What is the best thing about these Jefferies bonuses? For me it’s this:
For 2011, we offered our employees the option to receive the stock portion of their year-end compensation in the form of either shares or cash, with the cash amount being equal to 75% of the grant-date amount of the stock that an employee would otherwise receive. The election resulted in a decrease to share-based compensation expense of approximately $23.3 million, as certain employees elected to receive reduced cash awards lieu of the full grant-date amount of the shares. This offset increased cash compensation expense by approximately $17.5 million. The net effect of this election on total compensation and benefits expense was a reduction of approximately $5.8 million. While these cash awards were fully expensed in 2011, they will legally vest in future periods.
When I first skimmed the headline I thought, okay, paying a 25% discount for liquidity makes sense. I, anyway, would be a lot wealthier had I gotten … really almost any percentage of my stock-based comp in cash rather than vaporizing most of it and leaving a small stub subject to a nondisparagement agreement when I left (I love you guys!), but that is neither here nor there. Because that’s not actually what the Jeffererers got. The people taking the “cash” got no more liquidity or vestedness or, um, cash, than the people taking the shares. They got … at a first approximation, they got an illiquid JEF bond. If they’re around, and Jefferies is around, and the cash is around, in three years or whenever this stuff vests, then they get a fixed amount of money. If not, not.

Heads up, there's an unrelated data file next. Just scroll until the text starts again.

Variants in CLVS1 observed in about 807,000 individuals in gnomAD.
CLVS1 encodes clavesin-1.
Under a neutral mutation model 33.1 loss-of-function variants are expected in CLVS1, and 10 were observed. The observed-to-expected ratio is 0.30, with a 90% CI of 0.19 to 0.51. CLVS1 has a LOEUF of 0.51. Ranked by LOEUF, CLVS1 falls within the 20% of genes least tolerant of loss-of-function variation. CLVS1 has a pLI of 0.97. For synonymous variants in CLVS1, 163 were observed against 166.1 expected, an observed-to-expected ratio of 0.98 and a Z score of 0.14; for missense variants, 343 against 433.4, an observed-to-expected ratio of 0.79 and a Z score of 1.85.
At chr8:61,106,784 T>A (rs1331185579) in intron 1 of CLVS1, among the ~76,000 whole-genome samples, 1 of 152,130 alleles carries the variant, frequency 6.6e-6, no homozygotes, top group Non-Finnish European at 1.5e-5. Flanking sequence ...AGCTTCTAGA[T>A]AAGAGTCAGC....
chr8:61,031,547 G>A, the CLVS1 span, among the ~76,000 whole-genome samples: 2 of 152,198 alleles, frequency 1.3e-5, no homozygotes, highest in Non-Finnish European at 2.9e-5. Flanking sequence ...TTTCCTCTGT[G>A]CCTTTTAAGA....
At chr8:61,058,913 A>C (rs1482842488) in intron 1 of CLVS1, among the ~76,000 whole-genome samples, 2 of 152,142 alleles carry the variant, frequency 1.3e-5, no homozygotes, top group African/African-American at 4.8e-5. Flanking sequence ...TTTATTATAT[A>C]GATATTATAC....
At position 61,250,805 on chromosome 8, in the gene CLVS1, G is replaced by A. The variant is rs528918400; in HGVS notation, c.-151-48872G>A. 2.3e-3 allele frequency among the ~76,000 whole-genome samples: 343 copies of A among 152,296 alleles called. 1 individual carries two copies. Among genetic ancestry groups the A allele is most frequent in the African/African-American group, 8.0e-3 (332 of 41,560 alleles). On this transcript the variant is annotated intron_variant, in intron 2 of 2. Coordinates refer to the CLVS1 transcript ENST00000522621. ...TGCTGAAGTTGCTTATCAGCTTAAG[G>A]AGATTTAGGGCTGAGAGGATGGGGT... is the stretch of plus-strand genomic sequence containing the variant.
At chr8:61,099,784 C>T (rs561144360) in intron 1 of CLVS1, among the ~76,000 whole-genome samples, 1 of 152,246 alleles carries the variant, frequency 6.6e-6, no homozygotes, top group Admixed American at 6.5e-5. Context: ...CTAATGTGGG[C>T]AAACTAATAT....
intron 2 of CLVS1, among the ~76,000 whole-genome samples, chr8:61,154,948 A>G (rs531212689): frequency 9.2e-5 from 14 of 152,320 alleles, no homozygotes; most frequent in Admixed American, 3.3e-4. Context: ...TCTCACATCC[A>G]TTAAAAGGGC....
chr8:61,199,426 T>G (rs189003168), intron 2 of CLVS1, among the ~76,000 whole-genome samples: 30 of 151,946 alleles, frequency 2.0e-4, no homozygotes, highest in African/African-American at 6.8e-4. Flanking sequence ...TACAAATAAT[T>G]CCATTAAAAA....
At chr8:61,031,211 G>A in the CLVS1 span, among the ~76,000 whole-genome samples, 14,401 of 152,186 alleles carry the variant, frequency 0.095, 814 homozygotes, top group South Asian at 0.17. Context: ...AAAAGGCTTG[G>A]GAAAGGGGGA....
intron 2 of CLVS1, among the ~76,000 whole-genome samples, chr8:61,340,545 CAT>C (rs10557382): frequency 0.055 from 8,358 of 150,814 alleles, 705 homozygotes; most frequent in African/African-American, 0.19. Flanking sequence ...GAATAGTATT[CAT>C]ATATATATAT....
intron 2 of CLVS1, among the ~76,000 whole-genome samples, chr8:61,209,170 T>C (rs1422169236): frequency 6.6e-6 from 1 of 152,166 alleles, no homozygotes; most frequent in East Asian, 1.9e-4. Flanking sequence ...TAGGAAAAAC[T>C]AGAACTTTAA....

So the only thing that the Jeffers got for giving up 25% of their stock-based comp was … avoiding the risk that Jefferies stock would decline by more than 25%. Here’s a silly coincidence: Read more »
Apparently a bunch of employees have been notified their services to the firm are no longer necessary. Read more »
Richard Handler has declared himself not worthy. Read more »
Good news and less good news. The good news: junior mistmakers needn’t worry much about the new rule stating that one’s bonus will be taken back should he/she leave the firm for greener pastures less than a year after the money hits the bank. The less good news: Read more »
Maybe you’re a Jefferies employee who thinks the light at the end of the tunnel is near. Bonus time’s a’ comin’ and once you get yours, you’re out of this place, you’ve told family and close friends. Just a couple more months and you can bust out. Break free. Live again. Just gotta wait for the money for last year’s work to hit your account and bye-bye Jefferies, hello the first day of the rest of you life, right? WRONG! Jefferies is trying out something new this year and it’s called you’re not going anywhere. Read more »
There’s that famous line that “Every banker knows that if he has to prove that he is worthy of credit, however good may be his arguments, in fact his credit is gone.” It is sort of inspiring to see Jefferies refute that with a combination of (1) pretty good arguments and (2) still existing. At the core of their argument is, basically, “we are not as reliant on fickle overnight funding as you think.” From their letter to clients, shareholders, friends, Sean Egan, etc.:
To be clear at the outset, we do not use or rely on “wholesale funding,” a catch-all term typically used to refer to funding other than core deposits, such as brokered deposits, foreign deposits or commercial paper. We do not have any unsecured overnight borrowings ….